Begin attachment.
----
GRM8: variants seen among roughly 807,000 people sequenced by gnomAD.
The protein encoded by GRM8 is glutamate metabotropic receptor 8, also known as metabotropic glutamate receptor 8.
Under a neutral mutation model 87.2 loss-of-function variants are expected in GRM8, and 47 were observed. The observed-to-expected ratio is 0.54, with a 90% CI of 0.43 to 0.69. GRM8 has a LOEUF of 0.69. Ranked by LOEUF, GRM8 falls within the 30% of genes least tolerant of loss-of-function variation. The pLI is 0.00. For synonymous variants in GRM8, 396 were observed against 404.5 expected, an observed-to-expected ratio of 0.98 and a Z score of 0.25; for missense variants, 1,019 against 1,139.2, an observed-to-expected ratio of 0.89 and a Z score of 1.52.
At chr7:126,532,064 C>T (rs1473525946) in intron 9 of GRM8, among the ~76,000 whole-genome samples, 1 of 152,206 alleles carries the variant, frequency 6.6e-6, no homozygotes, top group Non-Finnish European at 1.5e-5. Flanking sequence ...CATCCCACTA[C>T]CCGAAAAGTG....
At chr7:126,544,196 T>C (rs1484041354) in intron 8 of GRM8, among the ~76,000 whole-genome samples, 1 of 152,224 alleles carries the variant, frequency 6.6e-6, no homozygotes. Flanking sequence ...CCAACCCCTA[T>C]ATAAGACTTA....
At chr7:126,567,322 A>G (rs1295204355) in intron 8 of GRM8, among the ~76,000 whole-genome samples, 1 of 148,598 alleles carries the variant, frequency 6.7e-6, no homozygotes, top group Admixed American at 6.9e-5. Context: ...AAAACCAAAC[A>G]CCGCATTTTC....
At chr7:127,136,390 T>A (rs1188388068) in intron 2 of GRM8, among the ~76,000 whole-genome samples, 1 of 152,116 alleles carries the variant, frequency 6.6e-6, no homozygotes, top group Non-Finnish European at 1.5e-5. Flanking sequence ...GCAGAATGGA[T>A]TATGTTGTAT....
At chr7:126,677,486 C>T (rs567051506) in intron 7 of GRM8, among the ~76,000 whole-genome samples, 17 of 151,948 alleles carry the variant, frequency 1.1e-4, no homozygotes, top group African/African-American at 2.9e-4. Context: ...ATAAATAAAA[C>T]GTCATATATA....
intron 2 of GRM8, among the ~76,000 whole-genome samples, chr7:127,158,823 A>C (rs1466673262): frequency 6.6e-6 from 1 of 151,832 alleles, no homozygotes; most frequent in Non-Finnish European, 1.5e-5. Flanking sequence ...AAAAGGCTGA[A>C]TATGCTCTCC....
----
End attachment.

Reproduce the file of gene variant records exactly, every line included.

GRM8: variants seen among roughly 807,000 people sequenced by gnomAD.
The protein encoded by GRM8 is glutamate metabotropic receptor 8, also known as metabotropic glutamate receptor 8.
Under a neutral mutation model 87.2 loss-of-function variants are expected in GRM8, and 47 were observed. The observed-to-expected ratio is 0.54, with a 90% CI of 0.43 to 0.69. GRM8 has a LOEUF of 0.69. Ranked by LOEUF, GRM8 falls within the 30% of genes least tolerant of loss-of-function variation. The pLI is 0.00. For synonymous variants in GRM8, 396 were observed against 404.5 expected, an observed-to-expected ratio of 0.98 and a Z score of 0.25; for missense variants, 1,019 against 1,139.2, an observed-to-expected ratio of 0.89 and a Z score of 1.52.
At chr7:126,532,064 C>T (rs1473525946) in intron 9 of GRM8, among the ~76,000 whole-genome samples, 1 of 152,206 alleles carries the variant, frequency 6.6e-6, no homozygotes, top group Non-Finnish European at 1.5e-5. Flanking sequence ...CATCCCACTA[C>T]CCGAAAAGTG....
At chr7:126,544,196 T>C (rs1484041354) in intron 8 of GRM8, among the ~76,000 whole-genome samples, 1 of 152,224 alleles carries the variant, frequency 6.6e-6, no homozygotes. Flanking sequence ...CCAACCCCTA[T>C]ATAAGACTTA....
At chr7:126,567,322 A>G (rs1295204355) in intron 8 of GRM8, among the ~76,000 whole-genome samples, 1 of 148,598 alleles carries the variant, frequency 6.7e-6, no homozygotes, top group Admixed American at 6.9e-5. Context: ...AAAACCAAAC[A>G]CCGCATTTTC....
At chr7:127,136,390 T>A (rs1188388068) in intron 2 of GRM8, among the ~76,000 whole-genome samples, 1 of 152,116 alleles carries the variant, frequency 6.6e-6, no homozygotes, top group Non-Finnish European at 1.5e-5. Flanking sequence ...GCAGAATGGA[T>A]TATGTTGTAT....
At chr7:126,677,486 C>T (rs567051506) in intron 7 of GRM8, among the ~76,000 whole-genome samples, 17 of 151,948 alleles carry the variant, frequency 1.1e-4, no homozygotes, top group African/African-American at 2.9e-4. Context: ...ATAAATAAAA[C>T]GTCATATATA....
intron 2 of GRM8, among the ~76,000 whole-genome samples, chr7:127,158,823 A>C (rs1466673262): frequency 6.6e-6 from 1 of 151,832 alleles, no homozygotes; most frequent in Non-Finnish European, 1.5e-5. Flanking sequence ...AAAAGGCTGA[A>C]TATGCTCTCC....